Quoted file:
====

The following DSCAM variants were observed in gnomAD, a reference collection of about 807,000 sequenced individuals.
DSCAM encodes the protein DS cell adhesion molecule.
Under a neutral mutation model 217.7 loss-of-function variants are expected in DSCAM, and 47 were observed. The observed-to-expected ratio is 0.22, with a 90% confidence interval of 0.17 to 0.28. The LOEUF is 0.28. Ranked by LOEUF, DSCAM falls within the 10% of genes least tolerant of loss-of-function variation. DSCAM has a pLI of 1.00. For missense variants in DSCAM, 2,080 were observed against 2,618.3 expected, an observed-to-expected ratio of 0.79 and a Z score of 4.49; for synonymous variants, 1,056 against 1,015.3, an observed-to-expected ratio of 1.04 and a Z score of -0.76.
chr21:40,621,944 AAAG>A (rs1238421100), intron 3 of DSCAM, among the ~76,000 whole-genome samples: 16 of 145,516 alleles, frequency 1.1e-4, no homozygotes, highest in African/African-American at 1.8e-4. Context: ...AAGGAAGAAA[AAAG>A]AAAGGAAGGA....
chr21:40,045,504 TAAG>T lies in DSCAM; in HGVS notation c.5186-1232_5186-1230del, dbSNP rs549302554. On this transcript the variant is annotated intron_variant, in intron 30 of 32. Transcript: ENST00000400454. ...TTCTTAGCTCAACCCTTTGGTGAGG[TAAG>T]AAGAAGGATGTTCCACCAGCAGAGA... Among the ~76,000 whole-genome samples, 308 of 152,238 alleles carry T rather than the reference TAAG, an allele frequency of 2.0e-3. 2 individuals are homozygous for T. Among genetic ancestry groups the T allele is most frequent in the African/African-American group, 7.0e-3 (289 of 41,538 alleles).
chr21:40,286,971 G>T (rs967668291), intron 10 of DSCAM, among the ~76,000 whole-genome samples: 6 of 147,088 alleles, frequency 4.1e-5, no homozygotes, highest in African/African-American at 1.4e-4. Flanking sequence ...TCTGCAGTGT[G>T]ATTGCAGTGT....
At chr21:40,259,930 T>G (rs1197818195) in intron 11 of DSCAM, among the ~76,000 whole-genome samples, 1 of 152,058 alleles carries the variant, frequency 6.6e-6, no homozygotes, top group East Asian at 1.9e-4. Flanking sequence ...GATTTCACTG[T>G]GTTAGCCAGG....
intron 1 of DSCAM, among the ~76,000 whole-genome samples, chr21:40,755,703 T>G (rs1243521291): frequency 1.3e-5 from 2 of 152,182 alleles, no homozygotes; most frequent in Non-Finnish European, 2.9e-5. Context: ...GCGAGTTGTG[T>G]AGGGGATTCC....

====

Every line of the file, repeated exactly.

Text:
The following DSCAM variants were observed in gnomAD, a reference collection of about 807,000 sequenced individuals.
DSCAM encodes the protein DS cell adhesion molecule.
Under a neutral mutation model 217.7 loss-of-function variants are expected in DSCAM, and 47 were observed. The observed-to-expected ratio is 0.22, with a 90% confidence interval of 0.17 to 0.28. The LOEUF is 0.28. Ranked by LOEUF, DSCAM falls within the 10% of genes least tolerant of loss-of-function variation. DSCAM has a pLI of 1.00. For missense variants in DSCAM, 2,080 were observed against 2,618.3 expected, an observed-to-expected ratio of 0.79 and a Z score of 4.49; for synonymous variants, 1,056 against 1,015.3, an observed-to-expected ratio of 1.04 and a Z score of -0.76.
chr21:40,621,944 AAAG>A (rs1238421100), intron 3 of DSCAM, among the ~76,000 whole-genome samples: 16 of 145,516 alleles, frequency 1.1e-4, no homozygotes, highest in African/African-American at 1.8e-4. Context: ...AAGGAAGAAA[AAAG>A]AAAGGAAGGA....
chr21:40,045,504 TAAG>T lies in DSCAM; in HGVS notation c.5186-1232_5186-1230del, dbSNP rs549302554. On this transcript the variant is annotated intron_variant, in intron 30 of 32. Transcript: ENST00000400454. ...TTCTTAGCTCAACCCTTTGGTGAGG[TAAG>T]AAGAAGGATGTTCCACCAGCAGAGA... Among the ~76,000 whole-genome samples, 308 of 152,238 alleles carry T rather than the reference TAAG, an allele frequency of 2.0e-3. 2 individuals are homozygous for T. Among genetic ancestry groups the T allele is most frequent in the African/African-American group, 7.0e-3 (289 of 41,538 alleles).
chr21:40,286,971 G>T (rs967668291), intron 10 of DSCAM, among the ~76,000 whole-genome samples: 6 of 147,088 alleles, frequency 4.1e-5, no homozygotes, highest in African/African-American at 1.4e-4. Flanking sequence ...TCTGCAGTGT[G>T]ATTGCAGTGT....
At chr21:40,259,930 T>G (rs1197818195) in intron 11 of DSCAM, among the ~76,000 whole-genome samples, 1 of 152,058 alleles carries the variant, frequency 6.6e-6, no homozygotes, top group East Asian at 1.9e-4. Flanking sequence ...GATTTCACTG[T>G]GTTAGCCAGG....
intron 1 of DSCAM, among the ~76,000 whole-genome samples, chr21:40,755,703 T>G (rs1243521291): frequency 1.3e-5 from 2 of 152,182 alleles, no homozygotes; most frequent in Non-Finnish European, 2.9e-5. Context: ...GCGAGTTGTG[T>G]AGGGGATTCC....